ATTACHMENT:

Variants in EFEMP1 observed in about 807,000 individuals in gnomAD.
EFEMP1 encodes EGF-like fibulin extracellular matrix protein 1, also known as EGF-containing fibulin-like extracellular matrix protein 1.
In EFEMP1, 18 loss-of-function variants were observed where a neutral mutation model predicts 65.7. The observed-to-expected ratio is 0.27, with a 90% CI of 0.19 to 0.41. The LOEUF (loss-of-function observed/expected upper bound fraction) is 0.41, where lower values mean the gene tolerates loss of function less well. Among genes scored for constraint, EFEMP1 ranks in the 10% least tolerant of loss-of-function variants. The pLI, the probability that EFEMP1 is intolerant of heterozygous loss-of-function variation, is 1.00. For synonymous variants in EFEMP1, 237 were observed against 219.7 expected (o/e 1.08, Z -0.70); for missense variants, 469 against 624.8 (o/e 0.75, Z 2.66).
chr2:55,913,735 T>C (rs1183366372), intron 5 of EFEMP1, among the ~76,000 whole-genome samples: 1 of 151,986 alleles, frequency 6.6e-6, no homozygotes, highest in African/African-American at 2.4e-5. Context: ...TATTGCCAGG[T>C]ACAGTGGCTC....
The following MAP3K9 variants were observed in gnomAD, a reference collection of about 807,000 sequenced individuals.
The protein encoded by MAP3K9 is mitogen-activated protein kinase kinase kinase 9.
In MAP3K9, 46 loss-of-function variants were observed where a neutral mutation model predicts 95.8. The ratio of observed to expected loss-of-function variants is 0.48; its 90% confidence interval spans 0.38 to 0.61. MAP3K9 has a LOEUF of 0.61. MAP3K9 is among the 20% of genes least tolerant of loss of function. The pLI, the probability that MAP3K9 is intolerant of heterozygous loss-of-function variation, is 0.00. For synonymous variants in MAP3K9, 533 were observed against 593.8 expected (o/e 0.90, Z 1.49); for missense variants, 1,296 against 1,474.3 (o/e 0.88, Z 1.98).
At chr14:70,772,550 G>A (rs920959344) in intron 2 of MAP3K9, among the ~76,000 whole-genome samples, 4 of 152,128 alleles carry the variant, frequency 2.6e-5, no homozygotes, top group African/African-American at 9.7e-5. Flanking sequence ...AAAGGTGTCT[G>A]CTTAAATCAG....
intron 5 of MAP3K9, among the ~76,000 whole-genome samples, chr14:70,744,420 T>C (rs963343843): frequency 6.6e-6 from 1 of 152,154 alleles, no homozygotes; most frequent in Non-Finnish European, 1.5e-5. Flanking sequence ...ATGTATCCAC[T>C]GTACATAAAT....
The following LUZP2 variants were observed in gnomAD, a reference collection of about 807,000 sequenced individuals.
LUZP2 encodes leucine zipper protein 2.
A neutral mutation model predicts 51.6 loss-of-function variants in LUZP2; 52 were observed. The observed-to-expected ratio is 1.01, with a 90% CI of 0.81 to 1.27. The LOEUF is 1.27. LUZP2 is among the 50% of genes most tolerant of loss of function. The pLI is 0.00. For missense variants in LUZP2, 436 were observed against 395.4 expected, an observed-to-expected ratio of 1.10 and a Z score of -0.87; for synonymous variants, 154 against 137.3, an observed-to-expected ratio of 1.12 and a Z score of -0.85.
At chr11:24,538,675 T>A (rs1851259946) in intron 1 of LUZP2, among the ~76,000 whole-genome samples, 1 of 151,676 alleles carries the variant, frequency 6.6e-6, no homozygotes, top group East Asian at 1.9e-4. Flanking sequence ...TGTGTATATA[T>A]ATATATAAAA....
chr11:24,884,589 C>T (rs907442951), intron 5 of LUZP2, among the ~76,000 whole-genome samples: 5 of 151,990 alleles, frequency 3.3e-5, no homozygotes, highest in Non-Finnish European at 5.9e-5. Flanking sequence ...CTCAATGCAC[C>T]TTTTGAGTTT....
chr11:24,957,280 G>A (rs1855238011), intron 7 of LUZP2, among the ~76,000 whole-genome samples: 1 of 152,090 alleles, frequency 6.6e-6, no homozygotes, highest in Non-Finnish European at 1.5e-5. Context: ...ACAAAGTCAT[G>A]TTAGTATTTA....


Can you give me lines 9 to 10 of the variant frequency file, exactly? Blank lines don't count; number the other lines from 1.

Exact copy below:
intron 5 of MAP3K9, among the ~76,000 whole-genome samples, chr14:70,744,420 T>C (rs963343843): frequency 6.6e-6 from 1 of 152,154 alleles, no homozygotes; most frequent in Non-Finnish European, 1.5e-5. Flanking sequence ...ATGTATCCAC[T>C]GTACATAAAT....
The following LUZP2 variants were observed in gnomAD, a reference collection of about 807,000 sequenced individuals.